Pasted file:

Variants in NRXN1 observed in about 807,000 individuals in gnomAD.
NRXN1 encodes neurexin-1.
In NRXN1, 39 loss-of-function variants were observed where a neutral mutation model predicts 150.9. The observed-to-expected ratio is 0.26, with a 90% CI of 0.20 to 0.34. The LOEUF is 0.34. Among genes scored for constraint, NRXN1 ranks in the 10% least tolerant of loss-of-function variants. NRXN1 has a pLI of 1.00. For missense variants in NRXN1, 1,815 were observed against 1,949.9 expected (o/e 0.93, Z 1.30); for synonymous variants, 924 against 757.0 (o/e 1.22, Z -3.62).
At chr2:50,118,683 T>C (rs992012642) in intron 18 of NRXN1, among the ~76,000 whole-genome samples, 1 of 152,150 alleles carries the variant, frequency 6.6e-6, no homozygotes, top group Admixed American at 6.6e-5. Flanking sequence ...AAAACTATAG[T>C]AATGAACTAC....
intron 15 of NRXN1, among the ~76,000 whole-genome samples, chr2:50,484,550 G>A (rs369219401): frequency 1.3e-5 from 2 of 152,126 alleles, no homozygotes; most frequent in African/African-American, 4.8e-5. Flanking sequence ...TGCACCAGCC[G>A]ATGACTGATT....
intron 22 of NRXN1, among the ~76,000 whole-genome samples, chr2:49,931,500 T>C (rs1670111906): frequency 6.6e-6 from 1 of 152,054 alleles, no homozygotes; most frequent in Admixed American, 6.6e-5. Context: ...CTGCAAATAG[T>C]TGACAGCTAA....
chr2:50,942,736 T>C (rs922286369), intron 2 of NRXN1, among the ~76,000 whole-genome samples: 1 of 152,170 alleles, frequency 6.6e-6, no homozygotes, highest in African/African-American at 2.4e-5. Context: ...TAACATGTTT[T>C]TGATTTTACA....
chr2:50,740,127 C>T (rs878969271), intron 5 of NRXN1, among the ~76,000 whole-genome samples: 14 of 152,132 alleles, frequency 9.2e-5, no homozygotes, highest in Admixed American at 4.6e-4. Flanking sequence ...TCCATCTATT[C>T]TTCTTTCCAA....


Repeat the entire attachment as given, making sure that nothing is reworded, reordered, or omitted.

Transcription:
Variants in NRXN1 observed in about 807,000 individuals in gnomAD.
NRXN1 encodes neurexin-1.
In NRXN1, 39 loss-of-function variants were observed where a neutral mutation model predicts 150.9. The observed-to-expected ratio is 0.26, with a 90% CI of 0.20 to 0.34. The LOEUF is 0.34. Among genes scored for constraint, NRXN1 ranks in the 10% least tolerant of loss-of-function variants. NRXN1 has a pLI of 1.00. For missense variants in NRXN1, 1,815 were observed against 1,949.9 expected (o/e 0.93, Z 1.30); for synonymous variants, 924 against 757.0 (o/e 1.22, Z -3.62).
At chr2:50,118,683 T>C (rs992012642) in intron 18 of NRXN1, among the ~76,000 whole-genome samples, 1 of 152,150 alleles carries the variant, frequency 6.6e-6, no homozygotes, top group Admixed American at 6.6e-5. Flanking sequence ...AAAACTATAG[T>C]AATGAACTAC....
intron 15 of NRXN1, among the ~76,000 whole-genome samples, chr2:50,484,550 G>A (rs369219401): frequency 1.3e-5 from 2 of 152,126 alleles, no homozygotes; most frequent in African/African-American, 4.8e-5. Flanking sequence ...TGCACCAGCC[G>A]ATGACTGATT....
intron 22 of NRXN1, among the ~76,000 whole-genome samples, chr2:49,931,500 T>C (rs1670111906): frequency 6.6e-6 from 1 of 152,054 alleles, no homozygotes; most frequent in Admixed American, 6.6e-5. Context: ...CTGCAAATAG[T>C]TGACAGCTAA....
chr2:50,942,736 T>C (rs922286369), intron 2 of NRXN1, among the ~76,000 whole-genome samples: 1 of 152,170 alleles, frequency 6.6e-6, no homozygotes, highest in African/African-American at 2.4e-5. Context: ...TAACATGTTT[T>C]TGATTTTACA....
chr2:50,740,127 C>T (rs878969271), intron 5 of NRXN1, among the ~76,000 whole-genome samples: 14 of 152,132 alleles, frequency 9.2e-5, no homozygotes, highest in Admixed American at 4.6e-4. Flanking sequence ...TCCATCTATT[C>T]TTCTTTCCAA....